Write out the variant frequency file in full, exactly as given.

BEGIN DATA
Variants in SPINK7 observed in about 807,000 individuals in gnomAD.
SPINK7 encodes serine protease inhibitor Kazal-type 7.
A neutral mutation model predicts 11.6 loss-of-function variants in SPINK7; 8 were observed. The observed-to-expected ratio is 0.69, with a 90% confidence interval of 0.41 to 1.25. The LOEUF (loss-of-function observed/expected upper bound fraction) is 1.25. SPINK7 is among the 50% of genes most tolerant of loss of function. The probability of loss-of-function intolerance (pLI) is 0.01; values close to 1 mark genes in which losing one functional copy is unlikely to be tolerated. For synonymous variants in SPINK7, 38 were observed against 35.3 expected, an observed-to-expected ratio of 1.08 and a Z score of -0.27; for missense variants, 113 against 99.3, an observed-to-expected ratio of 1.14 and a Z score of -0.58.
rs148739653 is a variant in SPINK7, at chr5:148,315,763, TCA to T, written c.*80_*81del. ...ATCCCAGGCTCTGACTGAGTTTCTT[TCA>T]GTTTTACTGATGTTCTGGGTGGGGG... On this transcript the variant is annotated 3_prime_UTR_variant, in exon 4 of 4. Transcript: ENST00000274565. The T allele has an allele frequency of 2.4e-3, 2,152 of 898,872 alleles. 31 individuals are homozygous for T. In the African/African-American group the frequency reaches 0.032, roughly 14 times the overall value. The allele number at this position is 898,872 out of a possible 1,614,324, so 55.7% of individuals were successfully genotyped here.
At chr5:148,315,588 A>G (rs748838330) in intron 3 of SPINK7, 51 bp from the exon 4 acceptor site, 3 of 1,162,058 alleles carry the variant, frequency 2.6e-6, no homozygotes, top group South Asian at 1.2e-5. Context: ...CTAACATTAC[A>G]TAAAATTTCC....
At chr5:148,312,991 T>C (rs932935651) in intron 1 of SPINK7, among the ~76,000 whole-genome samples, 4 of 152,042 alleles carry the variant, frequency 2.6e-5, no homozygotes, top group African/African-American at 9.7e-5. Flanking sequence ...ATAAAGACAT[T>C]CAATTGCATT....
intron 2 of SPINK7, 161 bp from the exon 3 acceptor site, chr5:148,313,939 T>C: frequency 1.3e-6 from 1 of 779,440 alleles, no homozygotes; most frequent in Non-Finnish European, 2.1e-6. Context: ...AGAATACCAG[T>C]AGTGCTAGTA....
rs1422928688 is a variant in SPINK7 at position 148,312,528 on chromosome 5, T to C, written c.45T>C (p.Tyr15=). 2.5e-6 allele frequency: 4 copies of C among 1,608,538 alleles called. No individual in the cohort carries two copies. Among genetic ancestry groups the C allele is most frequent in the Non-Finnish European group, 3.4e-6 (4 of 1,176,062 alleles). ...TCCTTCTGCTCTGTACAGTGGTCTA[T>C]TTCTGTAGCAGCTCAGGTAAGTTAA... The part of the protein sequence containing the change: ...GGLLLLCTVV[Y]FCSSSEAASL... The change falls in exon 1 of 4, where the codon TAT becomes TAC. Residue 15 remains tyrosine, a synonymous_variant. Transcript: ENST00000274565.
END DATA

Variants in SPINK7 observed in about 807,000 individuals in gnomAD.
SPINK7 encodes serine protease inhibitor Kazal-type 7.
A neutral mutation model predicts 11.6 loss-of-function variants in SPINK7; 8 were observed. The observed-to-expected ratio is 0.69, with a 90% confidence interval of 0.41 to 1.25. The LOEUF (loss-of-function observed/expected upper bound fraction) is 1.25. SPINK7 is among the 50% of genes most tolerant of loss of function. The probability of loss-of-function intolerance (pLI) is 0.01; values close to 1 mark genes in which losing one functional copy is unlikely to be tolerated. For synonymous variants in SPINK7, 38 were observed against 35.3 expected, an observed-to-expected ratio of 1.08 and a Z score of -0.27; for missense variants, 113 against 99.3, an observed-to-expected ratio of 1.14 and a Z score of -0.58.
rs148739653 is a variant in SPINK7, at chr5:148,315,763, TCA to T, written c.*80_*81del. ...ATCCCAGGCTCTGACTGAGTTTCTT[TCA>T]GTTTTACTGATGTTCTGGGTGGGGG... On this transcript the variant is annotated 3_prime_UTR_variant, in exon 4 of 4. Transcript: ENST00000274565. The T allele has an allele frequency of 2.4e-3, 2,152 of 898,872 alleles. 31 individuals are homozygous for T. In the African/African-American group the frequency reaches 0.032, roughly 14 times the overall value. The allele number at this position is 898,872 out of a possible 1,614,324, so 55.7% of individuals were successfully genotyped here.
At chr5:148,315,588 A>G (rs748838330) in intron 3 of SPINK7, 51 bp from the exon 4 acceptor site, 3 of 1,162,058 alleles carry the variant, frequency 2.6e-6, no homozygotes, top group South Asian at 1.2e-5. Context: ...CTAACATTAC[A>G]TAAAATTTCC....
At chr5:148,312,991 T>C (rs932935651) in intron 1 of SPINK7, among the ~76,000 whole-genome samples, 4 of 152,042 alleles carry the variant, frequency 2.6e-5, no homozygotes, top group African/African-American at 9.7e-5. Flanking sequence ...ATAAAGACAT[T>C]CAATTGCATT....
intron 2 of SPINK7, 161 bp from the exon 3 acceptor site, chr5:148,313,939 T>C: frequency 1.3e-6 from 1 of 779,440 alleles, no homozygotes; most frequent in Non-Finnish European, 2.1e-6. Context: ...AGAATACCAG[T>C]AGTGCTAGTA....
rs1422928688 is a variant in SPINK7 at position 148,312,528 on chromosome 5, T to C, written c.45T>C (p.Tyr15=). 2.5e-6 allele frequency: 4 copies of C among 1,608,538 alleles called. No individual in the cohort carries two copies. Among genetic ancestry groups the C allele is most frequent in the Non-Finnish European group, 3.4e-6 (4 of 1,176,062 alleles). ...TCCTTCTGCTCTGTACAGTGGTCTA[T>C]TTCTGTAGCAGCTCAGGTAAGTTAA... The part of the protein sequence containing the change: ...GGLLLLCTVV[Y]FCSSSEAASL... The change falls in exon 1 of 4, where the codon TAT becomes TAC. Residue 15 remains tyrosine, a synonymous_variant. Transcript: ENST00000274565.